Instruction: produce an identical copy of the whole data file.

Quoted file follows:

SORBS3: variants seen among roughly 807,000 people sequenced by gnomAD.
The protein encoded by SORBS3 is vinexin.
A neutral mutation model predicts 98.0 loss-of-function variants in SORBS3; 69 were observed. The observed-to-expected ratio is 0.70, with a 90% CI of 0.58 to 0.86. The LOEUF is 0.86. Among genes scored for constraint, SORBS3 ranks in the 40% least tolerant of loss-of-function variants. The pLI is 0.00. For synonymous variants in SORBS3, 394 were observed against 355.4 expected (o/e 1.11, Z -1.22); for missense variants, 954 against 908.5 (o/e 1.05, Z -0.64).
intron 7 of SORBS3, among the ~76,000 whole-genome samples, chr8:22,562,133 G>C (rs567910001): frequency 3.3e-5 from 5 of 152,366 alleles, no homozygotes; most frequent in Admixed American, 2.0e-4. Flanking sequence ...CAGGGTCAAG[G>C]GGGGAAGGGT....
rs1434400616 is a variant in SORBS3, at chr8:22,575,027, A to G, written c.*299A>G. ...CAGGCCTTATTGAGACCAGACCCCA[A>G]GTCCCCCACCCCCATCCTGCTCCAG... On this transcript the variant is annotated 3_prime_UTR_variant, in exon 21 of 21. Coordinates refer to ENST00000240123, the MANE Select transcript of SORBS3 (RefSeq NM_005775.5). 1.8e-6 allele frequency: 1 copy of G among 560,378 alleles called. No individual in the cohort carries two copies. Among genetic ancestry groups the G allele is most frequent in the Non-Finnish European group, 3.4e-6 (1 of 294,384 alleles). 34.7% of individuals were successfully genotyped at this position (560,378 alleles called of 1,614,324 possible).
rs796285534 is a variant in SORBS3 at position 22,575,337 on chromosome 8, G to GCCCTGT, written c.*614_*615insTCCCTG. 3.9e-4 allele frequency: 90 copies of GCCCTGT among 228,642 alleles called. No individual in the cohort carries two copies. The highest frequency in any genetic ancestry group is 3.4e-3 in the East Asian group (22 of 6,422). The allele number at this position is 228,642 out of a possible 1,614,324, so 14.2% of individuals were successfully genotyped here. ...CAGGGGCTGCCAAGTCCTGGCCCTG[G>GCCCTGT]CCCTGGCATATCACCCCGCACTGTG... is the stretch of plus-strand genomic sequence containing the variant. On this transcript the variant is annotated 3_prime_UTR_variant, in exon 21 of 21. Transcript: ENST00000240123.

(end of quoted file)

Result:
SORBS3: variants seen among roughly 807,000 people sequenced by gnomAD.
The protein encoded by SORBS3 is vinexin.
A neutral mutation model predicts 98.0 loss-of-function variants in SORBS3; 69 were observed. The observed-to-expected ratio is 0.70, with a 90% CI of 0.58 to 0.86. The LOEUF is 0.86. Among genes scored for constraint, SORBS3 ranks in the 40% least tolerant of loss-of-function variants. The pLI is 0.00. For synonymous variants in SORBS3, 394 were observed against 355.4 expected (o/e 1.11, Z -1.22); for missense variants, 954 against 908.5 (o/e 1.05, Z -0.64).
intron 7 of SORBS3, among the ~76,000 whole-genome samples, chr8:22,562,133 G>C (rs567910001): frequency 3.3e-5 from 5 of 152,366 alleles, no homozygotes; most frequent in Admixed American, 2.0e-4. Flanking sequence ...CAGGGTCAAG[G>C]GGGGAAGGGT....
rs1434400616 is a variant in SORBS3, at chr8:22,575,027, A to G, written c.*299A>G. ...CAGGCCTTATTGAGACCAGACCCCA[A>G]GTCCCCCACCCCCATCCTGCTCCAG... On this transcript the variant is annotated 3_prime_UTR_variant, in exon 21 of 21. Coordinates refer to ENST00000240123, the MANE Select transcript of SORBS3 (RefSeq NM_005775.5). 1.8e-6 allele frequency: 1 copy of G among 560,378 alleles called. No individual in the cohort carries two copies. Among genetic ancestry groups the G allele is most frequent in the Non-Finnish European group, 3.4e-6 (1 of 294,384 alleles). 34.7% of individuals were successfully genotyped at this position (560,378 alleles called of 1,614,324 possible).
rs796285534 is a variant in SORBS3 at position 22,575,337 on chromosome 8, G to GCCCTGT, written c.*614_*615insTCCCTG. 3.9e-4 allele frequency: 90 copies of GCCCTGT among 228,642 alleles called. No individual in the cohort carries two copies. The highest frequency in any genetic ancestry group is 3.4e-3 in the East Asian group (22 of 6,422). The allele number at this position is 228,642 out of a possible 1,614,324, so 14.2% of individuals were successfully genotyped here. ...CAGGGGCTGCCAAGTCCTGGCCCTG[G>GCCCTGT]CCCTGGCATATCACCCCGCACTGTG... is the stretch of plus-strand genomic sequence containing the variant. On this transcript the variant is annotated 3_prime_UTR_variant, in exon 21 of 21. Transcript: ENST00000240123.